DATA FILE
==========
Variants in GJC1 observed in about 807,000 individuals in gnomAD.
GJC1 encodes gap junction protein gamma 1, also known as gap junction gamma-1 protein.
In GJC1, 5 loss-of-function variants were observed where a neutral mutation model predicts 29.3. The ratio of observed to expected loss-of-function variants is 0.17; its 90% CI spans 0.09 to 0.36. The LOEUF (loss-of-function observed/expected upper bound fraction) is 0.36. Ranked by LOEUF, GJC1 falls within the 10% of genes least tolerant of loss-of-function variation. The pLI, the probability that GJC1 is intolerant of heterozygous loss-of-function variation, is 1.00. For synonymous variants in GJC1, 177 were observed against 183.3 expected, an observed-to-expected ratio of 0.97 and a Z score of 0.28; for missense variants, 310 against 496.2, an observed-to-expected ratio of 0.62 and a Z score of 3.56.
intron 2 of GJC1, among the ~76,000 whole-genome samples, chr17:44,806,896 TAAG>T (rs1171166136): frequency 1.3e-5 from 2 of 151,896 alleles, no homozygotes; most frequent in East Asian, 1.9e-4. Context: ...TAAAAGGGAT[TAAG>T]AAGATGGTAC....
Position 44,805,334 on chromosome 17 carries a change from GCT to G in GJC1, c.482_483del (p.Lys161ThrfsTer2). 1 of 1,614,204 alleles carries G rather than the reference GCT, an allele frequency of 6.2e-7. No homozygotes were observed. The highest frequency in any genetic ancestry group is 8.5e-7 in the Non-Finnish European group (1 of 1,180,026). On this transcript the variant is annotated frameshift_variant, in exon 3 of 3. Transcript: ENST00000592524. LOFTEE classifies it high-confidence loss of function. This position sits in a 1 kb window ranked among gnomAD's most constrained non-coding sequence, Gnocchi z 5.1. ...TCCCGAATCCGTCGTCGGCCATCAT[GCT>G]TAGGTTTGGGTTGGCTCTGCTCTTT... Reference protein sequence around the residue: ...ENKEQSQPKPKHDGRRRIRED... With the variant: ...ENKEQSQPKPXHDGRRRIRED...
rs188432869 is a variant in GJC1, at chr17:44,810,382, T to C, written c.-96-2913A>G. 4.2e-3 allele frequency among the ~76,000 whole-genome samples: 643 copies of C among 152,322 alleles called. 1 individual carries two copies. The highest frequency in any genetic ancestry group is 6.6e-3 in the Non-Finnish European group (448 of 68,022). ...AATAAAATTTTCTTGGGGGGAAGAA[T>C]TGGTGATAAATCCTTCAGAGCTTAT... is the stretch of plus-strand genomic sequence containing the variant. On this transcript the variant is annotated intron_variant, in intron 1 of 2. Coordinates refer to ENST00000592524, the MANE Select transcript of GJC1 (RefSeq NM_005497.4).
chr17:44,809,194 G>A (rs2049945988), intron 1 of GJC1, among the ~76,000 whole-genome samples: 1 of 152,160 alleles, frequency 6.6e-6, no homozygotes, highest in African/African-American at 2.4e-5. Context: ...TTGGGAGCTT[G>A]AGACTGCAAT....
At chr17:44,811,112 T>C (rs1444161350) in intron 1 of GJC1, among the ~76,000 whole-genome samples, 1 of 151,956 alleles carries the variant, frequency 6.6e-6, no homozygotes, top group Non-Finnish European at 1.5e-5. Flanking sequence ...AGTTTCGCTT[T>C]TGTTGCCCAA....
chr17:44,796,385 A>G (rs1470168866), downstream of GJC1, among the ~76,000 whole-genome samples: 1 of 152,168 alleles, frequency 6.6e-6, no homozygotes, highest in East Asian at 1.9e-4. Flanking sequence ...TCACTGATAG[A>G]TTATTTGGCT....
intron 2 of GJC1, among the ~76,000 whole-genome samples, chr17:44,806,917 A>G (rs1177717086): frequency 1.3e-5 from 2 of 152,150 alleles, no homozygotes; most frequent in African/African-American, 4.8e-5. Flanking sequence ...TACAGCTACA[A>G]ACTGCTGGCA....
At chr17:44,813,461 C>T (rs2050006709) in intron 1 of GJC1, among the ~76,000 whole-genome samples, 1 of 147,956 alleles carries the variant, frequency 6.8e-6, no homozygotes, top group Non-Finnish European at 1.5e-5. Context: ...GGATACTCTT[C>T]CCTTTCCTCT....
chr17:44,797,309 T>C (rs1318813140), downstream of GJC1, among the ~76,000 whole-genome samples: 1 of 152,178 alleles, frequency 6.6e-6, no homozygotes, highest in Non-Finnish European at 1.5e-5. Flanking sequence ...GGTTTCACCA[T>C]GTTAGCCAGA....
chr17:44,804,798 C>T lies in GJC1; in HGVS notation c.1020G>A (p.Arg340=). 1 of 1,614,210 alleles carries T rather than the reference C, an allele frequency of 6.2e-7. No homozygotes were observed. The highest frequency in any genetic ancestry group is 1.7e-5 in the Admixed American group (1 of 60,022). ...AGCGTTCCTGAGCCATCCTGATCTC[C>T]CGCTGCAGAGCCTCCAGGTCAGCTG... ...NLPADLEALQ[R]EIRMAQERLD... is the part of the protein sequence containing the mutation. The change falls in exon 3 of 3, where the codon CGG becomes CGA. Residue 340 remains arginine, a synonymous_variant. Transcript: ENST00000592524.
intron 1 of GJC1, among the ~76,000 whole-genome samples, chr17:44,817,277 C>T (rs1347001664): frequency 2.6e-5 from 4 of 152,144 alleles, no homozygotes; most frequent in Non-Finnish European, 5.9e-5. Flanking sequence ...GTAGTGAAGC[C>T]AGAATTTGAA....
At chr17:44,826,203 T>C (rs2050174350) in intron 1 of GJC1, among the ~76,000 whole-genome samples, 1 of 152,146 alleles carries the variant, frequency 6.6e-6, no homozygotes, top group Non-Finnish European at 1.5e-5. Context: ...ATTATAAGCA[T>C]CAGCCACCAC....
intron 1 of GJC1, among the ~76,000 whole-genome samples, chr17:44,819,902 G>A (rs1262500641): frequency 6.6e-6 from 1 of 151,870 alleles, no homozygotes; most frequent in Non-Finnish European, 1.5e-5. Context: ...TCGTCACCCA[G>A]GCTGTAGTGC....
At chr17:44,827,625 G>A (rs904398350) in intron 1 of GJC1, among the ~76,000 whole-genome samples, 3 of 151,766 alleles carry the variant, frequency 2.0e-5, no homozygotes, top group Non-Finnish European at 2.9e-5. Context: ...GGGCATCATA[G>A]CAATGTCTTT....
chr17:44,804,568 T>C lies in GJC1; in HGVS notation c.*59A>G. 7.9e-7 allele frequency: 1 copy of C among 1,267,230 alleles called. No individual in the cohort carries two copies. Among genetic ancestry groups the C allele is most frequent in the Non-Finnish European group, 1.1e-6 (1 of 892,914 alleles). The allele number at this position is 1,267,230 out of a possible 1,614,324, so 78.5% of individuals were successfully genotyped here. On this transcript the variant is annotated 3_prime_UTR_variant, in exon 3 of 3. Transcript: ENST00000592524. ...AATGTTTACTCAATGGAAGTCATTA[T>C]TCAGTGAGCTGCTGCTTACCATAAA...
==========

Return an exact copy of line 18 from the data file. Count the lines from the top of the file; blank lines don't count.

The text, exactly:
chr17:44,804,568 T>C lies in GJC1; in HGVS notation c.*59A>G. 7.9e-7 allele frequency: 1 copy of C among 1,267,230 alleles called. No individual in the cohort carries two copies. Among genetic ancestry groups the C allele is most frequent in the Non-Finnish European group, 1.1e-6 (1 of 892,914 alleles). The allele number at this position is 1,267,230 out of a possible 1,614,324, so 78.5% of individuals were successfully genotyped here. On this transcript the variant is annotated 3_prime_UTR_variant, in exon 3 of 3. Transcript: ENST00000592524. ...AATGTTTACTCAATGGAAGTCATTA[T>C]TCAGTGAGCTGCTGCTTACCATAAA...